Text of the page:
Today, actually no, from last night has been a long long day. By Sod's Law, we got back from the doctors surgery yesterday after being given the all clear and then Wriggles' started coughing and coughing and bringing anything than so much as touched her stomach back up. Although I did lie down for some periods, it certainly felt like I was up all night, either rocking her, being sicked up on or administering inhalers or clock-watching between Calpol doses. At 8am I cracked and demanded another appointment, fully expecting to wind up in hospital but hoping we would get some antibiotics and be ticked off for being overly paranoid.
We ended up in hospital. OF COURSE. Where else would we go on a Tuesday morning at 10am? It's not like we would have a life to lead, is it?!
Wriggles duly showed them just how well she can suck in her chest and how hard she can cough and how pale she can go, all the time whilst giggling and fluttering her eyelashes. A bit of oxygen was turned on, they debated long and hard about admitting us proper or sending us home on the understanding we come straight back if needs be and they prescribed antibiotics to be followed on with prophylactic antibiotics all winter, snazzily accessorised by the flu jab. In the end, with borderline sats we still got to go home as luckily I don't live too far from hospital and as the paediatrician said "it's not like you haven't seen the warning signs before."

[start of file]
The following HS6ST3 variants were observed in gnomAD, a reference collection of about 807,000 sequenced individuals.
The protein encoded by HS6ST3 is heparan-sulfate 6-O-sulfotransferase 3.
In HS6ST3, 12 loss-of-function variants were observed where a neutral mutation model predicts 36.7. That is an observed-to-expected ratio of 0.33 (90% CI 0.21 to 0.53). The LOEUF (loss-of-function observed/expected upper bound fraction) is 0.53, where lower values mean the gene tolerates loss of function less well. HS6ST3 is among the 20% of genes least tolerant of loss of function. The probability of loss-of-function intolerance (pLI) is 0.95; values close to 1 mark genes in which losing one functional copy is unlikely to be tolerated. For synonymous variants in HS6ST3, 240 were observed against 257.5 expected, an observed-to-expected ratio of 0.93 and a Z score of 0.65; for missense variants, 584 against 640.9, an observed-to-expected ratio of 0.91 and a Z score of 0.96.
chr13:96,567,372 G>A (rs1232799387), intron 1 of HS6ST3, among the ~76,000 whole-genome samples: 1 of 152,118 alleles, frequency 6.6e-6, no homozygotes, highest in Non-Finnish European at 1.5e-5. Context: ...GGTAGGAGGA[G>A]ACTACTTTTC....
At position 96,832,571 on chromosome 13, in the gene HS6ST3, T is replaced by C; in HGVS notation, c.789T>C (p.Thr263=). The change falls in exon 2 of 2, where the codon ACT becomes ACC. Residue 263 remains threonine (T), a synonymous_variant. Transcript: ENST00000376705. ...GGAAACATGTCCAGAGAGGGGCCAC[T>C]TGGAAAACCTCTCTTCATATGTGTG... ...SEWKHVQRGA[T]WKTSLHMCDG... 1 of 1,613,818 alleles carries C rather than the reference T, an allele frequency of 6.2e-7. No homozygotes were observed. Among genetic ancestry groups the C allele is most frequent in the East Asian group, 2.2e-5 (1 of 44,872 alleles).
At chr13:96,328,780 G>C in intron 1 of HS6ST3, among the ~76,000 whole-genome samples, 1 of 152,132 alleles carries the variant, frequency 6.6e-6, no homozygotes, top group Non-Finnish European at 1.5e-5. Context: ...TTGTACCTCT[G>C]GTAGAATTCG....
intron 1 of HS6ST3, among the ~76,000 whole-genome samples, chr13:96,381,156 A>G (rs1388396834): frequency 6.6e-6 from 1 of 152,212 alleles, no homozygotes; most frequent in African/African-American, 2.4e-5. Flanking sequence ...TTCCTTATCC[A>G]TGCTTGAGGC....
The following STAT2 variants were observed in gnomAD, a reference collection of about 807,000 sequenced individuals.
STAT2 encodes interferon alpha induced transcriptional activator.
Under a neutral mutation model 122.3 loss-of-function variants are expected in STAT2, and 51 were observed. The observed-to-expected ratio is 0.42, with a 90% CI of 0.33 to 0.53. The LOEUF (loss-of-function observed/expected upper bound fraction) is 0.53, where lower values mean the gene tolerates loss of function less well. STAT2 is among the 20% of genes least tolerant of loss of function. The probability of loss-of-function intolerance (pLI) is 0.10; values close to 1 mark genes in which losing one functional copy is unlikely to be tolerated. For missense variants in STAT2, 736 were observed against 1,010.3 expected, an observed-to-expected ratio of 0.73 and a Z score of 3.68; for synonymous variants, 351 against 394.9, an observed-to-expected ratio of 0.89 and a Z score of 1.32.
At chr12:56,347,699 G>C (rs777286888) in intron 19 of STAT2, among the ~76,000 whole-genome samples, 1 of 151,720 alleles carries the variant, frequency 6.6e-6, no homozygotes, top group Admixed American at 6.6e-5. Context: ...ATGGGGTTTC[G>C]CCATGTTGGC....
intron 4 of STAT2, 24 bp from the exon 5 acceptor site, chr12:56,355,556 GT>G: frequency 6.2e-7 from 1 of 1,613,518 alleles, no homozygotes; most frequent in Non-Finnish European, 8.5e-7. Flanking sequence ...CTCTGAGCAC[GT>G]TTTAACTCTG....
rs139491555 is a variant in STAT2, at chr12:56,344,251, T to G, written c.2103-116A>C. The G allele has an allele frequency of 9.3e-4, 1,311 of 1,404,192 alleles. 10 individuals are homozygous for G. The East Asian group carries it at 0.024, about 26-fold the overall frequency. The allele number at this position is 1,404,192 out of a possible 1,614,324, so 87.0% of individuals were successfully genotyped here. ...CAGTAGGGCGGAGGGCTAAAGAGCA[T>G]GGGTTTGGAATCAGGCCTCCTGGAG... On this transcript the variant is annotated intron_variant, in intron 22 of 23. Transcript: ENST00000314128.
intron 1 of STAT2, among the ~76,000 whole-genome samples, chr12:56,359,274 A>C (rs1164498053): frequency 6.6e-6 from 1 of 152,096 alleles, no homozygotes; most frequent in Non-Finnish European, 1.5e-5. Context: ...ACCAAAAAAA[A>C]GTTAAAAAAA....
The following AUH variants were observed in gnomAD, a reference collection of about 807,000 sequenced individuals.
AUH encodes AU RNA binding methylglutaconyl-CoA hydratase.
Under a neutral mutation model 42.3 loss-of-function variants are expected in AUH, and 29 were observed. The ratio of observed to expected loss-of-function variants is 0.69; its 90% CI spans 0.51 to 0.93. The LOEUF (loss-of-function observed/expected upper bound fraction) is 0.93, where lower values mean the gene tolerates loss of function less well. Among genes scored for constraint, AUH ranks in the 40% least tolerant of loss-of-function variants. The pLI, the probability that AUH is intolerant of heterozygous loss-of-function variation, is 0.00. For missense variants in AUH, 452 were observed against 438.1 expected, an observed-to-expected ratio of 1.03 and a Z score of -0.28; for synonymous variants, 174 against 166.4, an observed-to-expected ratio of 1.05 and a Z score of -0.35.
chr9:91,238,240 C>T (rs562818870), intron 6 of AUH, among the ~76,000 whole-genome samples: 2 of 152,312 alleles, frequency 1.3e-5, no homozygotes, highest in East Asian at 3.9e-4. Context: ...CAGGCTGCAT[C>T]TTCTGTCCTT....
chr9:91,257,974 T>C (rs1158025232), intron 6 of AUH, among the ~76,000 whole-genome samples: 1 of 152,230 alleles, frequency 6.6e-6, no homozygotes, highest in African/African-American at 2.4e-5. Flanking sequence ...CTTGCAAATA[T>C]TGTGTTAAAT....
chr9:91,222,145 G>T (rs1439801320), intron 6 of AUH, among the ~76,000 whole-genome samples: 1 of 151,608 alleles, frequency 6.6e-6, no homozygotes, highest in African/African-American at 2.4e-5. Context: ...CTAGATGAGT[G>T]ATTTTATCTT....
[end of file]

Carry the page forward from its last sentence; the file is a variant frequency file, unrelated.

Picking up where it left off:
The thing that really came out of today is something that has crossed my mind, but something that now other people have noticed. When hooked up to a sats monitor, her sats drop when the feeds starts and when she refluxes. She coughs when she shouldn't cough and still regularly makes a "purring" sound in her airways and chest after some feeding. Despite the gastronomy, despite stopping liquid feeds, despite prescribing correct reflux medication....it looks likely that she is still aspirating, this time on the reflux which is still hanging around like an unwanted guest.
A bit of a blow.
The next step is to wait and see how much this affects her chest to see if it warrants further surgery in the form of a fundoplication, which is not without it's drawbacks. I knew the gastronomy was not a magic answer, I am just so fed up of things cropping up and seeing my little girl be struck by illness again and again. All toddlers get colds, but frankly I am fed up with the love-hate relationship I have with the dear old hospital. RVI, it's over, you hear me?
I found this marvellous link from Life After NICU if you are worried about wintery illness in young children:
|Cold Symptoms||Flu Symptoms||RSV Symptoms|
|Low or no fever||High fever||Low-grade fever|
|Sometimes a headache||Always a headache||Sometimes a mild headache|
|Stuffy, runny nose||Clear nose||Runny nose|
|Mild, hacking cough||Cough, often becomes severe||Coughing, wheezing, breathing difficulties|
|Slight aches and pains||Often severe aches and pains||Mild joint pains|
|Mild fatigue||Several weeks of fatigue||Exhaustion|
|Sore throat||Sometimes a sore throat||Mild sore throat, may be from coughing|
|Normal energy level||Extreme exhaustion||Decreased activity and irritability|